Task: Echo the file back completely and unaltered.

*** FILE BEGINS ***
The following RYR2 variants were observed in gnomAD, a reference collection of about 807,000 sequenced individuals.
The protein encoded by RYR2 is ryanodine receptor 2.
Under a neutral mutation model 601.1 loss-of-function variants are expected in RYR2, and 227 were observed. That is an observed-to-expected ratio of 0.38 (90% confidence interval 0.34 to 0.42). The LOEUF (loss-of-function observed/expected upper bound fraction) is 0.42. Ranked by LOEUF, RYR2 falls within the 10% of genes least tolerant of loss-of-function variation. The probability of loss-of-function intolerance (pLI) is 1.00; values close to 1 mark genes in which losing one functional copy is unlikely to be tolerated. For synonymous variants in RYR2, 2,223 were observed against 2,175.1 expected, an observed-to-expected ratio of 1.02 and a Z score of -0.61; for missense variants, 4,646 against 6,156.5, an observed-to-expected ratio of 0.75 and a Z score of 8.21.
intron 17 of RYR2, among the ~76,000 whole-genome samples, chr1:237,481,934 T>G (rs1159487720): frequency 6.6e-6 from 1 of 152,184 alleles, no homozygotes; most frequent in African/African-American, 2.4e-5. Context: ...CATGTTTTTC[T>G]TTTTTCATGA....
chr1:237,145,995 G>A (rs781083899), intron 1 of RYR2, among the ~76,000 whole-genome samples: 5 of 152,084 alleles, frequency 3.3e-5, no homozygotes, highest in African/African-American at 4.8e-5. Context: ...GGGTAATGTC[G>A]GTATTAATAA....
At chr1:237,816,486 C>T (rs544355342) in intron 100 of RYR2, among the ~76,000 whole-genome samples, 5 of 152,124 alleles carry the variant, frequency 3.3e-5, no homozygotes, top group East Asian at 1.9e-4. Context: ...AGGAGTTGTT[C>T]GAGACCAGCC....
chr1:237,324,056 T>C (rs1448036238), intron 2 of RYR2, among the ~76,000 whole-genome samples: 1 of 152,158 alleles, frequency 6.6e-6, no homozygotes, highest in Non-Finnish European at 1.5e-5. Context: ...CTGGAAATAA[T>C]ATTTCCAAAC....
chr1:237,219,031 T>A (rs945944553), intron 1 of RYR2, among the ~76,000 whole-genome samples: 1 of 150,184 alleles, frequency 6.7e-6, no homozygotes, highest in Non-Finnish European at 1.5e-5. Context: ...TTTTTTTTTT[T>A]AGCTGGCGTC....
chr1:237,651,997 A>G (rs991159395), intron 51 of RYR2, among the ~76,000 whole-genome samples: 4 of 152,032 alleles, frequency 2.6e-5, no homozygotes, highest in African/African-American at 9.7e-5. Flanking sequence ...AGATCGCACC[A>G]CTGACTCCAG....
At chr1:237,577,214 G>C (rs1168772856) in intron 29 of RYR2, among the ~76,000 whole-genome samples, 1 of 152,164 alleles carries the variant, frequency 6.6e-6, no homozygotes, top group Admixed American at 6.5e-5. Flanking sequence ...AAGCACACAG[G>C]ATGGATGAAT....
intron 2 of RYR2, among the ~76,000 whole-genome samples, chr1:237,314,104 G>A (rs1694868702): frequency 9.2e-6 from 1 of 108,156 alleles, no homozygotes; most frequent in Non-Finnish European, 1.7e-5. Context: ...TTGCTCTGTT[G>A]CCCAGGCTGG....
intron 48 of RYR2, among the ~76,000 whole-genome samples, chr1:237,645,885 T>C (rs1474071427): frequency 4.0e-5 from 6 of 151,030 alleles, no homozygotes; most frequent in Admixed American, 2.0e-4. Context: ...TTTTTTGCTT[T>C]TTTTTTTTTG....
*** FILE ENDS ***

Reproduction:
The following RYR2 variants were observed in gnomAD, a reference collection of about 807,000 sequenced individuals.
The protein encoded by RYR2 is ryanodine receptor 2.
Under a neutral mutation model 601.1 loss-of-function variants are expected in RYR2, and 227 were observed. That is an observed-to-expected ratio of 0.38 (90% confidence interval 0.34 to 0.42). The LOEUF (loss-of-function observed/expected upper bound fraction) is 0.42. Ranked by LOEUF, RYR2 falls within the 10% of genes least tolerant of loss-of-function variation. The probability of loss-of-function intolerance (pLI) is 1.00; values close to 1 mark genes in which losing one functional copy is unlikely to be tolerated. For synonymous variants in RYR2, 2,223 were observed against 2,175.1 expected, an observed-to-expected ratio of 1.02 and a Z score of -0.61; for missense variants, 4,646 against 6,156.5, an observed-to-expected ratio of 0.75 and a Z score of 8.21.
intron 17 of RYR2, among the ~76,000 whole-genome samples, chr1:237,481,934 T>G (rs1159487720): frequency 6.6e-6 from 1 of 152,184 alleles, no homozygotes; most frequent in African/African-American, 2.4e-5. Context: ...CATGTTTTTC[T>G]TTTTTCATGA....
chr1:237,145,995 G>A (rs781083899), intron 1 of RYR2, among the ~76,000 whole-genome samples: 5 of 152,084 alleles, frequency 3.3e-5, no homozygotes, highest in African/African-American at 4.8e-5. Context: ...GGGTAATGTC[G>A]GTATTAATAA....
At chr1:237,816,486 C>T (rs544355342) in intron 100 of RYR2, among the ~76,000 whole-genome samples, 5 of 152,124 alleles carry the variant, frequency 3.3e-5, no homozygotes, top group East Asian at 1.9e-4. Context: ...AGGAGTTGTT[C>T]GAGACCAGCC....
chr1:237,324,056 T>C (rs1448036238), intron 2 of RYR2, among the ~76,000 whole-genome samples: 1 of 152,158 alleles, frequency 6.6e-6, no homozygotes, highest in Non-Finnish European at 1.5e-5. Context: ...CTGGAAATAA[T>C]ATTTCCAAAC....
chr1:237,219,031 T>A (rs945944553), intron 1 of RYR2, among the ~76,000 whole-genome samples: 1 of 150,184 alleles, frequency 6.7e-6, no homozygotes, highest in Non-Finnish European at 1.5e-5. Context: ...TTTTTTTTTT[T>A]AGCTGGCGTC....
chr1:237,651,997 A>G (rs991159395), intron 51 of RYR2, among the ~76,000 whole-genome samples: 4 of 152,032 alleles, frequency 2.6e-5, no homozygotes, highest in African/African-American at 9.7e-5. Flanking sequence ...AGATCGCACC[A>G]CTGACTCCAG....
At chr1:237,577,214 G>C (rs1168772856) in intron 29 of RYR2, among the ~76,000 whole-genome samples, 1 of 152,164 alleles carries the variant, frequency 6.6e-6, no homozygotes, top group Admixed American at 6.5e-5. Flanking sequence ...AAGCACACAG[G>C]ATGGATGAAT....
intron 2 of RYR2, among the ~76,000 whole-genome samples, chr1:237,314,104 G>A (rs1694868702): frequency 9.2e-6 from 1 of 108,156 alleles, no homozygotes; most frequent in Non-Finnish European, 1.7e-5. Context: ...TTGCTCTGTT[G>A]CCCAGGCTGG....
intron 48 of RYR2, among the ~76,000 whole-genome samples, chr1:237,645,885 T>C (rs1474071427): frequency 4.0e-5 from 6 of 151,030 alleles, no homozygotes; most frequent in Admixed American, 2.0e-4. Context: ...TTTTTTGCTT[T>C]TTTTTTTTTG....